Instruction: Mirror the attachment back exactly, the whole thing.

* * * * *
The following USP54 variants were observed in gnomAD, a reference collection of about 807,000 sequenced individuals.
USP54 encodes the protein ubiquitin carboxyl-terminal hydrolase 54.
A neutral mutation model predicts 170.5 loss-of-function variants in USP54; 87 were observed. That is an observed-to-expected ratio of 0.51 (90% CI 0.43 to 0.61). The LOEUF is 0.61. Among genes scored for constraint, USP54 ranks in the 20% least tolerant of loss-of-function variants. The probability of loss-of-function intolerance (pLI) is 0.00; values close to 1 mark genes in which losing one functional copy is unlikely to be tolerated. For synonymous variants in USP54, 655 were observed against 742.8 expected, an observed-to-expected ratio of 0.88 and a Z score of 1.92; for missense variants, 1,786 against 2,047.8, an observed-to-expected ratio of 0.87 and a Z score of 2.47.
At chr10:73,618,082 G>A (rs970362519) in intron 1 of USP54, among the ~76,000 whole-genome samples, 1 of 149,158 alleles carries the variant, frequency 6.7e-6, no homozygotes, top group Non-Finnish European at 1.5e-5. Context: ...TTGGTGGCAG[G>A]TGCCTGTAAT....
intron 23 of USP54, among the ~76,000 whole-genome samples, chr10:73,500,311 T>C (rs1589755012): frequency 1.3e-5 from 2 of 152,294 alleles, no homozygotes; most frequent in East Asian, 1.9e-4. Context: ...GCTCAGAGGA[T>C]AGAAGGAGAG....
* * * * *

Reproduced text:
The following USP54 variants were observed in gnomAD, a reference collection of about 807,000 sequenced individuals.
USP54 encodes the protein ubiquitin carboxyl-terminal hydrolase 54.
A neutral mutation model predicts 170.5 loss-of-function variants in USP54; 87 were observed. That is an observed-to-expected ratio of 0.51 (90% CI 0.43 to 0.61). The LOEUF is 0.61. Among genes scored for constraint, USP54 ranks in the 20% least tolerant of loss-of-function variants. The probability of loss-of-function intolerance (pLI) is 0.00; values close to 1 mark genes in which losing one functional copy is unlikely to be tolerated. For synonymous variants in USP54, 655 were observed against 742.8 expected, an observed-to-expected ratio of 0.88 and a Z score of 1.92; for missense variants, 1,786 against 2,047.8, an observed-to-expected ratio of 0.87 and a Z score of 2.47.
At chr10:73,618,082 G>A (rs970362519) in intron 1 of USP54, among the ~76,000 whole-genome samples, 1 of 149,158 alleles carries the variant, frequency 6.7e-6, no homozygotes, top group Non-Finnish European at 1.5e-5. Context: ...TTGGTGGCAG[G>A]TGCCTGTAAT....
intron 23 of USP54, among the ~76,000 whole-genome samples, chr10:73,500,311 T>C (rs1589755012): frequency 1.3e-5 from 2 of 152,294 alleles, no homozygotes; most frequent in East Asian, 1.9e-4. Context: ...GCTCAGAGGA[T>C]AGAAGGAGAG....